[foaf-protocols] FOAF+SSL delegation: logging in to an HTTP server
Bruno.Harbulot at manchester.ac.uk
Tue Apr 28 21:26:57 CEST 2009
I think we'll have to disagree on this one. Perhaps you could ask some
security experts at Sun to give their point of view.
Story Henry wrote:
> In this discussion one should remember that security is not absolute:
> this being a point that is
> part of the introductory class material for every course on security.
> One can increase security in many
> ways. One way may be to sign people's foaf files. But one can get a lot
> without needing to resort to that.
Yes, it depends on the application, but the security offered by the
dereferencing way of verifying the key is fairly low (same as OpenID).
> On 28 Apr 2009, at 18:11, Bruno Harbulot wrote:
>> Secondly, in terms of auditing, it's hard to guarantee what was at the
>> URI when the authentication took place.
> No, that is easy: you just write a server that keeps that information.
> With such a server
> the Service Provider can have a full log of all the transaction it did.
That's a lot of stuff to log. Even if you log the public key, how do you
know who's telling the truth and whose key it was? That's only for
auditing, a posteriori. You can't really assert who's saying what during
the transaction and a posteriori, you can't really tell which key the
user wanted to use at the time.
>> Suppose an attacker has found a way to hack into the hosting of
>> <https://romeo.example/#me> to replace the public key. He can put his
>> own public key, do a transaction with a service in Romeo's name, put
>> Romeo's legitimate public key back in place.
> yes. So the SP's server should keep track of what public key was used
> and what public key
> he found published at the WebId. For many low value transactions that
> logging should be fine.
> For larger transactions the service could use a trusted intermediary to
> do the logging.
Remember that the risk is somewhat higher with a global ID: one who
hijacks your ID this way could use services you've never heard of,
without you being notified about it. Some misuses could sting with a
long delay, thereby making it more difficult to prove your innocence.
>> Even if he eventually found out that someone had hacked into his FOAF
>> he wouldn't necessarily know what happened or when. Grounds for appeal
>> be very slim. From the service point of view, all would have taken
>> place as if
>> <https://romeo.example/#me> had done the operation.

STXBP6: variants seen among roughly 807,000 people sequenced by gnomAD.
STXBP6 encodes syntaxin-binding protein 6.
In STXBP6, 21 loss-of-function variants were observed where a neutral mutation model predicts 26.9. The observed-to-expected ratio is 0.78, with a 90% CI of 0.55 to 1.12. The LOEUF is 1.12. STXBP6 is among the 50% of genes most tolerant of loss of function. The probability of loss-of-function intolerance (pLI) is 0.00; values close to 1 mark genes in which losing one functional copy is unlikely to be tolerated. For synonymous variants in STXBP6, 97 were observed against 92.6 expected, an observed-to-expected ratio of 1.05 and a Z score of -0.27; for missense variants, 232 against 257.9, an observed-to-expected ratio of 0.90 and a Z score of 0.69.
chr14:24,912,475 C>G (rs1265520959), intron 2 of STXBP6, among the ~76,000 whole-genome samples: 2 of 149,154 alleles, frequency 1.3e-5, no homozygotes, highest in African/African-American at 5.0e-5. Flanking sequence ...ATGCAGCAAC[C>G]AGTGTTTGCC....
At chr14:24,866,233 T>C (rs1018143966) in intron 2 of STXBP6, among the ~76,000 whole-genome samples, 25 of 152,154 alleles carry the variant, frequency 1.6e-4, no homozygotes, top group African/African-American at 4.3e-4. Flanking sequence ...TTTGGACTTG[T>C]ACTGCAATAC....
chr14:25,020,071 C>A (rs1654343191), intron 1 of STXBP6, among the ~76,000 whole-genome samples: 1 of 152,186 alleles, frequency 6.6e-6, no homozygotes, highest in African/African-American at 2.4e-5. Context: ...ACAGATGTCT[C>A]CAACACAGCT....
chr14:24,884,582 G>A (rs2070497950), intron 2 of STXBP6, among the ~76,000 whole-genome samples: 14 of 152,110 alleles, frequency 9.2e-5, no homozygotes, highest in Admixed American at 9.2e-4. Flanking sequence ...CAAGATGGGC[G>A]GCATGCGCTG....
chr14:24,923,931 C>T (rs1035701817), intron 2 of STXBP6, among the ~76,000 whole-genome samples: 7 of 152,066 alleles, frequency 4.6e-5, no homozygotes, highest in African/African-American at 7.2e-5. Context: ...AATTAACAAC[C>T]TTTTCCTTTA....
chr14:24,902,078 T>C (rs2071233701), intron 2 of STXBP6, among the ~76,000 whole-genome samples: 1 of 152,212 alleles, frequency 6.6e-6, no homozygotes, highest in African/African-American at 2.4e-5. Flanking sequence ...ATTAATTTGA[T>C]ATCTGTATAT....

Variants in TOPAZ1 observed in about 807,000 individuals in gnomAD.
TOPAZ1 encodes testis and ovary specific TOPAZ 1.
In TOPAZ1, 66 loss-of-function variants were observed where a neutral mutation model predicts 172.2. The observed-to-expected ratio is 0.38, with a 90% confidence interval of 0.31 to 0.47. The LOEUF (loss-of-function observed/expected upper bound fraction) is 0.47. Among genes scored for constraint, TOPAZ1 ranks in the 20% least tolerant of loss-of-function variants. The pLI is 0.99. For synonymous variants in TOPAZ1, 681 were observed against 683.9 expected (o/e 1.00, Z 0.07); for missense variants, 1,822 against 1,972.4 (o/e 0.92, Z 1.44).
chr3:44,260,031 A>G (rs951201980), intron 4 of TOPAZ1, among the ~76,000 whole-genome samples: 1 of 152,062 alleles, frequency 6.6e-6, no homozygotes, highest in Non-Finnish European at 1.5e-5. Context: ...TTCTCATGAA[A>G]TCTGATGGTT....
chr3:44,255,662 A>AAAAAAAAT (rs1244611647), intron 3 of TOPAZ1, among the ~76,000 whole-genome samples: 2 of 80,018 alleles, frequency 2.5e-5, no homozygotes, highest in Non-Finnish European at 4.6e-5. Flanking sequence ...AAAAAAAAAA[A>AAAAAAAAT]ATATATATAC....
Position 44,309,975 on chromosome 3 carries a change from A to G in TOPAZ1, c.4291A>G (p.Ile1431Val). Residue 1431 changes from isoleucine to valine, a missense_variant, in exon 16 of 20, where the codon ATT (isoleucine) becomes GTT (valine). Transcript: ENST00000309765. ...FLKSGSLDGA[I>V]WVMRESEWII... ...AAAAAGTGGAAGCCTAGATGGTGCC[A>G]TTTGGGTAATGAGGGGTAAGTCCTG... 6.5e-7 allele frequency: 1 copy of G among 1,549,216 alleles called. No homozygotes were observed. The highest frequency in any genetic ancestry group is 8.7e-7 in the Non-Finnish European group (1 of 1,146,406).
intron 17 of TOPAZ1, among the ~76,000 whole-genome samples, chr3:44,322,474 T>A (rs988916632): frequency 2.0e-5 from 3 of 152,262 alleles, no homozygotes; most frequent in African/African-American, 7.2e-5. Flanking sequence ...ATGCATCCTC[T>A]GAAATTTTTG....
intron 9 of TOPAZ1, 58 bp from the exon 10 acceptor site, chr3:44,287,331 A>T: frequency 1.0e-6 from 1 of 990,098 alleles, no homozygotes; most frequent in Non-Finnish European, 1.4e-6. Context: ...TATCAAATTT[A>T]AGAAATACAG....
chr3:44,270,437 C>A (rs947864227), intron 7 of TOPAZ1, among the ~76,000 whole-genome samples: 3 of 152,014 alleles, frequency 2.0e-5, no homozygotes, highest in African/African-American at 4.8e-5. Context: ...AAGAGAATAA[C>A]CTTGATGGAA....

> Yes. It if I break into your house, it will probably not be very
> difficult for me to get your credit card number. Once in your house I
> can then very easily do a lot of high value transactions over the phone.
> People will be very confident that these transactions are indeed coming
> from you, as I am answering the telephone.
>> It can then become a
>> struggle between the service and Romeo, who said what and who verified
>> the ID properly. Again, a potential legal nightmare. OpenID has the very
>> same problem. This is fine for some services, but not for all.
> Yes, amazingly enough, most of today's world wide commerce takes place
> with credit number exchange
> over telephones. These can easily be remembered, can be copied, abused,
Credit card transactions with PIN number, signature and without either
don't have the same legal value.
>> (This comment by someone called "bong" talks of the very same problem
>> for OpenID [*].)
> Bong is talking about something different.
It's the very same problem, at the user authentication level.
> He is saying that OpenId does not come with any notion of trust.
> OpenID has all the technical details worked out in terms of how to
> exchange authentication information and credential information. But
> OpenID has no technology that conveys trust. And trust is not something
> that can be done technically. It’s a business agreement.
> With FOAF+SSL we have the authentication piece.
Exactly, but you have to trust what you do the authentication with
*before* you do the authentication (and keep a record of how that was
done for auditing purposes). That trust comes with signed information
(or information you trust by another mechanism), not by just
dereferencing a URI you don't know anything about.
There's no point trying to figure out if a user connecting to your
service with URI x is a friend of one of your friends (or whatever else
the semantic web says about x, key info excepted) if you haven't made
sure that this user was indeed x. Establishing the chain of trust and
responsibilities that verifies the binding between the public key and
URI x is crucial. (I'm not even talking here of evaluating how much you
trust the various FOAF files, etc. from which you infer information
about x in order to perform your authorisation decision.)
The dereferencing way of verifying the certificate offers almost the
same security as OpenID (it gives you a little bit more in that you can
log the public key, only useful a posteriori for auditing). It's fine,
but not for all situations.
The real power of FOAF+SSL is that you can choose when you need what,
but in most situation where proper (in particular, more legally binding)
authentication is required, you'll need to do some FOAF signing or
More information about the foaf-protocols